Students came together Tuesday evening in the Mathewson-IGT Knowledge Center to discuss issues on campus and possible ways to create positive change.
Approximately 50 students congregated in the Knowledge Center Rotunda on Tuesday, March 27, to discuss prominent issues facing students and actions to take to fix them. Issues and topics of discussion ranged from financial concerns to social concerns.
The event was by Progressive Leadership Alliance of Nevada, Acting in Community Together In Northern Nevada, Young Democrats, and Young Democratic Socialists in addition to Nevada Student Power.
“Our goal is to come together and hear your issues with not only campus, but local as well,” announcer Escenthio Marigny said. “There have been a lot of issues, especially in the last year, that we feel are important to come together to discuss.”
The event consisted of speeches by students concerned about various problems plaguing not only the university but Reno as a whole. The primary portion of the town hall consisted of small breakout groups to discuss concerns before coming together to share.
Student and Young Democrats President Rosie Gully shared her group’s concerns, which include racism on campus, troubles student experience when trying to find housing and ignorance of sexual assault within the university.
“These things may have been touched on before, but I think that’s because they are things that need to be said,” Gully said.
A universal topic of conversation among students was the fear of being targeted by others on campus. Gully discussed her interactions with other students where she was bullied for her sexuality.
“I thought bullying was over when I left high school,” Gully said. “I’m LGBT and when I hold a girl’s hand I get called things and I cannot handle it.”
On a local level, Gully also feels that homelessness is something that needs to be addressed.
“Homelessness is one of the issues that I see the most, but is also one of the issues that I see get ignored the most,” Gully said. “The issue here is that people are thinking because it doesn’t affect [them], it doesn’t necessarily matter.”
According to the Reno Gazette-Journal, rents are at an all-time high and vacancies are at an all-time low, leaving students worried about where that will leave their housing situations. A study done by Zillow showed that the average rent in Reno is around $1700 a month, which is not ideal or obtainable for many college students.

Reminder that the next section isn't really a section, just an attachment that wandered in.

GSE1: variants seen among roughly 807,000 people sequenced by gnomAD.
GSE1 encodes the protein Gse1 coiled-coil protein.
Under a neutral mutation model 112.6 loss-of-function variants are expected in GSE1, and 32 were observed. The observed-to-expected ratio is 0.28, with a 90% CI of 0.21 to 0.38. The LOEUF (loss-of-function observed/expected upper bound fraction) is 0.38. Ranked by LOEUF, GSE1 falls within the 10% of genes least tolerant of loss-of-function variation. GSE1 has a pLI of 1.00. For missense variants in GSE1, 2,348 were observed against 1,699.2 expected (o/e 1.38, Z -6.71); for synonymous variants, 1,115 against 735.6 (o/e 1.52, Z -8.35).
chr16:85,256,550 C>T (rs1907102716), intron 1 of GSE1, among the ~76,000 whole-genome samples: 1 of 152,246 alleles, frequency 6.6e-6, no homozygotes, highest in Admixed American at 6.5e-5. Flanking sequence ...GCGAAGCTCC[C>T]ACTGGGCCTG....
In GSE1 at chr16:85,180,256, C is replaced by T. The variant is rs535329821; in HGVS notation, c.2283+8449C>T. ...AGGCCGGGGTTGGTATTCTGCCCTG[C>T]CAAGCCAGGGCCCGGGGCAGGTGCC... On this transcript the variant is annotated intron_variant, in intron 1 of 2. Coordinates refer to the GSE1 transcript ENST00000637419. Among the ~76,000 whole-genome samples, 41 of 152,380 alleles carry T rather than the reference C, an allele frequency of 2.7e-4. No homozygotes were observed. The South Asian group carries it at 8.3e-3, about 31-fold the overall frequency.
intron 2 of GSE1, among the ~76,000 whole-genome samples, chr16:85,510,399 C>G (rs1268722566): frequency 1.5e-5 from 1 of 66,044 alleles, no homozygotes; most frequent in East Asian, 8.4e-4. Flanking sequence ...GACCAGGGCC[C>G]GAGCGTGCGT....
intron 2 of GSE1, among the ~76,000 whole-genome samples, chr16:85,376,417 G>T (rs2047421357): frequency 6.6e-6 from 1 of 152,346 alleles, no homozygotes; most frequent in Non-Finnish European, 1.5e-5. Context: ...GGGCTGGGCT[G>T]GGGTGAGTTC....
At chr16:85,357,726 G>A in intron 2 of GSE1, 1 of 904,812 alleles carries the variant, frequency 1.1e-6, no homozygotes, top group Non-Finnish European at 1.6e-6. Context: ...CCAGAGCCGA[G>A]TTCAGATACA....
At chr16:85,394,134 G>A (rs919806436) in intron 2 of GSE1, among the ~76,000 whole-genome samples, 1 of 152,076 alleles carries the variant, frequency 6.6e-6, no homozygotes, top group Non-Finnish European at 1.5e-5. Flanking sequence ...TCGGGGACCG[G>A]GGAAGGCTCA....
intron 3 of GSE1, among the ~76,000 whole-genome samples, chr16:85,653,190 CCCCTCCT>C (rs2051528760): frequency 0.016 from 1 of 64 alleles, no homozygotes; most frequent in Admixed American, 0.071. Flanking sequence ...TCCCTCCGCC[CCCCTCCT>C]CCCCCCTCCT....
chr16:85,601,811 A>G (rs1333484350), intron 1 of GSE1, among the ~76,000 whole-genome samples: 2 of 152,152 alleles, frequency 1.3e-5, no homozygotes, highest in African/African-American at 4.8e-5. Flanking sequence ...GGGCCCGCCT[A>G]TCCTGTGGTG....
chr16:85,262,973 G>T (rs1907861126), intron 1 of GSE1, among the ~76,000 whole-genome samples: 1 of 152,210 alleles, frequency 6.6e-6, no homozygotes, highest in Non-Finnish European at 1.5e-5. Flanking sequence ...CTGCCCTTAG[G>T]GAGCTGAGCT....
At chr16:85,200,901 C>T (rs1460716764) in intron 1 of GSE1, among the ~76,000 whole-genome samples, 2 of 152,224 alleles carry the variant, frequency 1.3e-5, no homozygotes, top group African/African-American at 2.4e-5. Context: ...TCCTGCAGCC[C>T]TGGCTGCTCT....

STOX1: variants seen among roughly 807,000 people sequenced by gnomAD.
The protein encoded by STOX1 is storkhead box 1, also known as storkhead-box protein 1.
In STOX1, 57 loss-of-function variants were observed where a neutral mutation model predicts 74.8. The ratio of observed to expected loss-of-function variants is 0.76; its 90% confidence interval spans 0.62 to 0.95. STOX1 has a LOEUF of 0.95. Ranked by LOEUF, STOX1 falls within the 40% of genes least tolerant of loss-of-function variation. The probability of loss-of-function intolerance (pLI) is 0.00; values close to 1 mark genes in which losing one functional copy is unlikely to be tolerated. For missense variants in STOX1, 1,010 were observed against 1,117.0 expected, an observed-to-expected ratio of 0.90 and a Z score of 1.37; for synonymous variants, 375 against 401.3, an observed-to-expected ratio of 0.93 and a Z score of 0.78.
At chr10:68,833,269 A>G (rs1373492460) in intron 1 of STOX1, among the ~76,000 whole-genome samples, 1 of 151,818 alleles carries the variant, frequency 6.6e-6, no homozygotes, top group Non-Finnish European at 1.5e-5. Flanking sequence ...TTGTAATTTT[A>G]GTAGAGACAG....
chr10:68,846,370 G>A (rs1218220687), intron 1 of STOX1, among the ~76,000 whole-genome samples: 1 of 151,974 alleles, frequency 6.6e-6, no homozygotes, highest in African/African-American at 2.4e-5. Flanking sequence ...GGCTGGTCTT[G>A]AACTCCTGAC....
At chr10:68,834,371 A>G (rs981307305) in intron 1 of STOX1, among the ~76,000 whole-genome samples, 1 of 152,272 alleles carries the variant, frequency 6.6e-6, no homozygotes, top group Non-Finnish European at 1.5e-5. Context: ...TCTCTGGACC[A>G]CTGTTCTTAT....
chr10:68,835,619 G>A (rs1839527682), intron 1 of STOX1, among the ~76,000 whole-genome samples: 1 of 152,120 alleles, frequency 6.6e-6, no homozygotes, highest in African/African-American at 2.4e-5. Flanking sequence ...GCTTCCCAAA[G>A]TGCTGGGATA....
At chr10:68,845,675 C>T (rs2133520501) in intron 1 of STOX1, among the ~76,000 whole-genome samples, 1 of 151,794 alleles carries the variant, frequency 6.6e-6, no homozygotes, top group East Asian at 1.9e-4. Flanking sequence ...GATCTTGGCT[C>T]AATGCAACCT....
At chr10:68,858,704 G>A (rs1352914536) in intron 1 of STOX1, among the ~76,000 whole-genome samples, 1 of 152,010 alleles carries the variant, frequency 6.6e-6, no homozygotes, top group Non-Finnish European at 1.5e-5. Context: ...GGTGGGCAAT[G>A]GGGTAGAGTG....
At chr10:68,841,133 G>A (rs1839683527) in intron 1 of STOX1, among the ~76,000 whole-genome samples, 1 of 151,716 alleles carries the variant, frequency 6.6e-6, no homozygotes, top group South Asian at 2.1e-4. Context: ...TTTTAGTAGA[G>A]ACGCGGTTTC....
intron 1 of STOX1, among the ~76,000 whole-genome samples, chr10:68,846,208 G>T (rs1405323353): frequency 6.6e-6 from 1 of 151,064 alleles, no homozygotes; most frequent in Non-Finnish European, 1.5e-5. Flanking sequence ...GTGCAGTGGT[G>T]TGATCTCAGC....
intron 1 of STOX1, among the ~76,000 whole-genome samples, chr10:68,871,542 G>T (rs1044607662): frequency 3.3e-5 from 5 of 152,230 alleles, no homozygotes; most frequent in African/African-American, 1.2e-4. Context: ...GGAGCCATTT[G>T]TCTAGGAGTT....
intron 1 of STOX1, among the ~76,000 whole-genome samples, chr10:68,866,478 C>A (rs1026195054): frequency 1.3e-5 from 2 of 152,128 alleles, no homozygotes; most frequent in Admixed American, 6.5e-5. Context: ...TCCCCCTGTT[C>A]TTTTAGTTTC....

Student Caitlin Gatchalian expressed concerns for students to find affordable housing, as well for those that are already part of the homeless population.
Gatchalian stressed the need for reliable public transportation in the general Reno-Sparks area. While the university provides some means of transportation such as PackTransit or Campus Escort, students feel this is not adequate.
“Sometimes it takes 45 minutes to get from point A to point B,” Gatchalian said. “Sometimes the busses get shut down because of the snow and that causes an even bigger issue than it just taking a long time.”
Students also feel that the additional costs required of them, such as access codes and textbooks, after paying tuition are unfair. According to an article from InsideHigherEd.com, the price of textbooks has increased by 161 percent between 1998 and 2014. Access to websites such as MyMathLab.com to complete homework requires access codes that can reach up to $100 for just one semester.
“We pay our tuition to this school and then still have to pay to access our homework,” Gatchalian said. “How is that okay?”
Student Francisca Smith expressed feelings of being let down by the amount of unpaid internships offered to students rather than paid ones. While the Pack Internship Grant Program does offer paid internships with wages of $12/hr, they are limited, leaving students with unpaid options.
“Your labor should not be free,” Smith said. “When we work, we need to be paid for it.”
Student and Young Democratic Socialists Secretary Phuong Tran shared her feelings of being unprotected by University Police Services and Reno Police Department. Such feelings come from events last semester involving University Police Services, such as controversial remarks made by an officer during a traffic stop, or an officer dressing up as Colin Kaepernick holding a sign saying “Will work for food”.
“These people are supposed to protect us, yet we feel more unprotected than ever,” Tran said.
Tran also explained that in order for things to happen, students must be making physical efforts to get their points across to people in power.
“We should be showing up to the Board of Regents meetings,” Tran said.
The Board of Regents opens all regular and committee meetings to the public.
According to Marigny, the town hall was a new way to let students voice their opinions about issues around them. While ASUN and other university organizations have hosted town hall meetings in the past, this particular town hall forum was a new approach.
“We wanted to take an interesting approach to the town hall forum,” Marigny said. “Young Democrats does a more traditional approach to town halls, so we thought that trying a different and less traditional set up would bring in a different range of students. These students have concerns they need to share and we want to give a safe and effective place to do so.”
Victims of sexual assault and discrimination are encouraged to report incidents to the Title IX office. The university’s Office of Equal Opportunity and Title IX work diligently to assist students in incidents of sexual assault, discrimination, and hate. If students have further topics they would like to discuss with University Police Services directly in an open forum, they are encouraged to attend Pizza with the Police on Thursday, April 19 in the Joe Crowley Student Union.
Olivia Ali can be reached at email@example.com and on Twitter @NevadaSagebrush.